That was simple, wasn’t it? Unfortunately it’s simple because Intel leaves a lot of information out of the code. There’s no easy way to tell how many cores a product has, nor is there any way to tell what generation it is.
Consumers can only find this information by digging deep into Intel’s processor comparison charts or relying on other marketing. Intel seems to believe that consumers buying such inexpensive products don’t care much about their processor and therefor don’t need to know much about it.
The T suffix is the only part of the name that provides meaningful information. It designates a processor built to use less power than the standard part. The Pentium G860 is designed to a 65 watt TDP, and the G860T has a much lower 35-watt TDP. A Celeron or Pentium with the U suffix is always slower and more expensive than a processor with the same model number and no suffix. Intel now uses the same suffix scheme for Celeron and Pentium that is used for Core, and that’s explained further in the next section.
Processors in the Celeron and Pentium lines never have Turbo Boost and, with the exception of a few older Pentium products that are no longer in production, never have Hyper-Threading.
Intel provides a lot of coded information in its Core products, which makes up the bulk of computers on the market today. Let’s use the Core i5-3570K as the example.
Intel’s Core i5 is in mid-range products, but the processors differ significantly between desktops and laptops. Almost all Core i5 desktop processors are quad-core (there are a few exceptions) and have Turbo Boost, but most lack Hyper-Threading. Core i5 laptop processors are dual-core (no exceptions) and have both Turbo Boost and Hyper-Threading.
All Core i7 products have both Turbo Boost and Hyper-Threading. Core i7 desktop processors are at least quad-core and a select few offer six cores. Core i7 laptop processors, on the other hand, can be dual-core or quad-core. The quad-core variants for laptops are designated by the QM suffix in older processors, and a MQ or QM suffix in 4th-gen parts.
The generation number is simple. Higher is better. It should be noted, however, that instead of having a 1, first generation products have no generation number. That means a first generation product will have a name like Core i5-650 instead of Core i5-1650. Intel apparently doesn’t find the number one impressive. Model numbers are also usually a higher-is-better affair, but relative performance can be changed by the suffix.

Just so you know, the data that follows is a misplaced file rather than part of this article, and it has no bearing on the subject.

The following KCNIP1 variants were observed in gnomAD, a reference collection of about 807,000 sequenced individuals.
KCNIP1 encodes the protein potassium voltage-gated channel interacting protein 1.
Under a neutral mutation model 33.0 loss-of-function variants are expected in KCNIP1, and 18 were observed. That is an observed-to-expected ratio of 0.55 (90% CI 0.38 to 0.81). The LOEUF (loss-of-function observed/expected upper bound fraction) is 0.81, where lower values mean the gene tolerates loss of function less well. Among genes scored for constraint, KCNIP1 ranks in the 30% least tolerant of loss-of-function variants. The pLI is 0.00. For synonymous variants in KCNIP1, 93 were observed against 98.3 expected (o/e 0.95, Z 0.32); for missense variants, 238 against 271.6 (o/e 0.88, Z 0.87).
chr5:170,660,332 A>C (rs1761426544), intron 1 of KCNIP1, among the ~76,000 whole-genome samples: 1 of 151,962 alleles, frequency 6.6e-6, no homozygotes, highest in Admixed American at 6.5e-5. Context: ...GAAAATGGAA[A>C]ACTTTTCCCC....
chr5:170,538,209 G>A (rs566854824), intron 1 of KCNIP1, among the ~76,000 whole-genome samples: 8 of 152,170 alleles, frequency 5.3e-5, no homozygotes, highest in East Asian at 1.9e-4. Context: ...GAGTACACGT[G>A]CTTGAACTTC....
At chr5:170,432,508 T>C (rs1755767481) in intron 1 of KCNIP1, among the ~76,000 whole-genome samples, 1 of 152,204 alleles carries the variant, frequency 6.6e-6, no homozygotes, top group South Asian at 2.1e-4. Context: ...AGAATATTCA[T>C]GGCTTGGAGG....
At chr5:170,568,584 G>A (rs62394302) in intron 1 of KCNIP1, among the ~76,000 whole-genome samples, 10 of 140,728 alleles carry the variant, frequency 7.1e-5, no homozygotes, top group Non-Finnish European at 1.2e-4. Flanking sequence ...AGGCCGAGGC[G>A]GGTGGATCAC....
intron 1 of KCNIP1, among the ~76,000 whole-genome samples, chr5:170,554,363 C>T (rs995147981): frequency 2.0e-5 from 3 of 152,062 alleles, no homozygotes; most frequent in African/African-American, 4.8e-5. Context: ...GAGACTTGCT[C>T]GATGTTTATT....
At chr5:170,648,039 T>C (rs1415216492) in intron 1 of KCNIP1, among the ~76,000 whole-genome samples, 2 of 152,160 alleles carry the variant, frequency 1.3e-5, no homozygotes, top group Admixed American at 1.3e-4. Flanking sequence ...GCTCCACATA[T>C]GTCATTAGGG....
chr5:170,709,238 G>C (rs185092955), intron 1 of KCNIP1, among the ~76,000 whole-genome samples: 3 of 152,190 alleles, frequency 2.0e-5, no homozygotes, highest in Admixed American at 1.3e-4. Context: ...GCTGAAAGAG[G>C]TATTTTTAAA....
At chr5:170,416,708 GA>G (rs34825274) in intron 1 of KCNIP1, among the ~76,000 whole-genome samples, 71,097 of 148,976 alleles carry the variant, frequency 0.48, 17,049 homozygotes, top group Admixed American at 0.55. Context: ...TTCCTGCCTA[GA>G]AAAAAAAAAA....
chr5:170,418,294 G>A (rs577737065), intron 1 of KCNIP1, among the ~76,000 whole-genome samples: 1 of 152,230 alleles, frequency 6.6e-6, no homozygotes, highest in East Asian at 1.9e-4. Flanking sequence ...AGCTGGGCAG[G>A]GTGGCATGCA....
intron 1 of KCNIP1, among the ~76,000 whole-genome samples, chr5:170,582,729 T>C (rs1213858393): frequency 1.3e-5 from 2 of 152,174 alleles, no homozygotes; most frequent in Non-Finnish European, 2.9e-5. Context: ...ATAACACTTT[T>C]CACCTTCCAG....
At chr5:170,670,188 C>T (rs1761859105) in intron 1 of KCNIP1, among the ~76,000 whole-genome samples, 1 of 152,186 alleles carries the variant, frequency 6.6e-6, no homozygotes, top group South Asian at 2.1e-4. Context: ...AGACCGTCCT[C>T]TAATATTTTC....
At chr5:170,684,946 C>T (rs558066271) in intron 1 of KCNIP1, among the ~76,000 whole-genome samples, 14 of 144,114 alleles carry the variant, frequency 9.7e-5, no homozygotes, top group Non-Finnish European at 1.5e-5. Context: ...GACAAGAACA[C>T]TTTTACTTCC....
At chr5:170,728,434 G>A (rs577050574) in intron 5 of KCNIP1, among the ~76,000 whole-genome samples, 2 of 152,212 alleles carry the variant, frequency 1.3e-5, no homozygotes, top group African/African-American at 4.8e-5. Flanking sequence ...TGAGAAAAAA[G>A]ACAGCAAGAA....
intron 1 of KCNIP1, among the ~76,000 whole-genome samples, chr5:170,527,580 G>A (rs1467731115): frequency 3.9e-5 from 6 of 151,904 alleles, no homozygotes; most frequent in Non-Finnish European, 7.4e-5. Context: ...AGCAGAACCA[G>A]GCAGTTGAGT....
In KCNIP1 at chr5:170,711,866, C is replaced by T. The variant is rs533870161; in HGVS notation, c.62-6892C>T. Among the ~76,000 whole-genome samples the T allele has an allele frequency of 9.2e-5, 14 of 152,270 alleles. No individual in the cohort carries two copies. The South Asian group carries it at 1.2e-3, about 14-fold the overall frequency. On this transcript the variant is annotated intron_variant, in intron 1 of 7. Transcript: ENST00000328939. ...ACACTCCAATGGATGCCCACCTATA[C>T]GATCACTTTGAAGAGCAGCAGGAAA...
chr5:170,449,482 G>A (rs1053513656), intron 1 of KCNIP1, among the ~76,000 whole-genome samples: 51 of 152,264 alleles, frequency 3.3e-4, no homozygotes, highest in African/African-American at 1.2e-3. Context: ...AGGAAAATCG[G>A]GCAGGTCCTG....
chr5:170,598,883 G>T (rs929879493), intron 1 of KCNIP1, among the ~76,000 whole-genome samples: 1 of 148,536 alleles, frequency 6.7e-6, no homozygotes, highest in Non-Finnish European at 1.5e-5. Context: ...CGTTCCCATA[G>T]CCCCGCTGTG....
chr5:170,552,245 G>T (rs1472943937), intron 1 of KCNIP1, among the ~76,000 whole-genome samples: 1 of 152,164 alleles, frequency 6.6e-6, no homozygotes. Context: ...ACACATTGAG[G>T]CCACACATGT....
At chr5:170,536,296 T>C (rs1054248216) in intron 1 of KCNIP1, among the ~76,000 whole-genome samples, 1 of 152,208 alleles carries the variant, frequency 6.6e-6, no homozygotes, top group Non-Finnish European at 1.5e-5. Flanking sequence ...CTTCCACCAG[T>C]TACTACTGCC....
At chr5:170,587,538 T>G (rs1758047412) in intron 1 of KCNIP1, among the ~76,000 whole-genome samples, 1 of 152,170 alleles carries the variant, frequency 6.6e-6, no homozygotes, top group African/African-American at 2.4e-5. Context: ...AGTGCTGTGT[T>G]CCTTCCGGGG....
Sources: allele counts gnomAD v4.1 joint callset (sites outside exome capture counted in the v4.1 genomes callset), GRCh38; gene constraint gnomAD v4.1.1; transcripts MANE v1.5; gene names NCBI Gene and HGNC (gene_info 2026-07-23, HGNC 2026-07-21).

The important suffixes for desktop parts are K, S, R, and T. The K models have an unlocked core multiplier that makes them easier for enthusiasts to overclock. The S and T models are low-power versions built to draw as little power as possible. Intel used the S suffix during the second generation and switched to the T suffix for the third generation. Finally, the R suffix is new for 4th-gen parts and is used to designate a processor with Iris Pro integrated graphics.
Standard dual-core laptop processors use the M suffix. Low-voltage parts meant for Ultrabooks and tablets replace the M with a U or Y, but first-generation low-voltage parts used the UM suffix instead, and second-generation low-voltage processors had no unique suffix, making them more difficult to identify.
Since this is a lot of information, let’s go through another example – this time with a mobile processor.
This is a Core i7 mobile processor, so that tells us it has Turbo Boost and Hyper-Threading. The 4 shows that it’s a 4th-gen part, which is the most current, and a model number of 700 tells us how it will perform relative to other similar Intel processors. Finally, the HQ suffix designates the processor as a quad-core.
Easy? Okay, maybe not. But it should begin to make sense after re-reading the code a few times.
Intel’s graphics have a very simple product code because there’s not as many products. It’s as follows, using HD 4000 as an example.
The company doesn’t provide any generational information in its product code. So far, this hasn’t caused any problems because there aren’t many versions of Intel HD and the model numbers have accurately portrayed the performance. Intel HD 2500 is newer than Intel HD 3000, for example, but also slower, so it was accurately given a lower model number.
With the newest 4th-generation Core processor, Intel introduced a new line of high-end integrated graphics known as Iris. These parts still have an Intel HD model number but are often called Iris or Iris Pro in casual use. Both products use the same architecture as the non-Iris parts, so, while they are quicker, they’re no different in function or features.
Consumers should note that the performance of two integrated graphics processors (IGPs) with the same model number may not be exactly the same. This is because Intel stretches performance as far as it can within the limits of a processor’s specified power draw. For example, the Intel Core i7-3610QM (a quad-core for laptops) has an HD 4000 part that’s a bit quicker than what is found in the Intel Core i5-3317U (a dual-core for Ultrabooks and ultraportables).
If comparing two Intel processors with an identical Intel HD variant, it’s safe to assume the faster processor also has a faster graphics solution. Don’t expect the difference to be night and day, however. It’s usually good for just a few frames-per-second in a modern 3D game.
We hope this explanation has better equipped you to decode product names on the fly. Eventually, AMD and Intel will replace these product codes with different ones, but it will likely be a few years before any major changes are made. If you have any questions feel free to post a comment.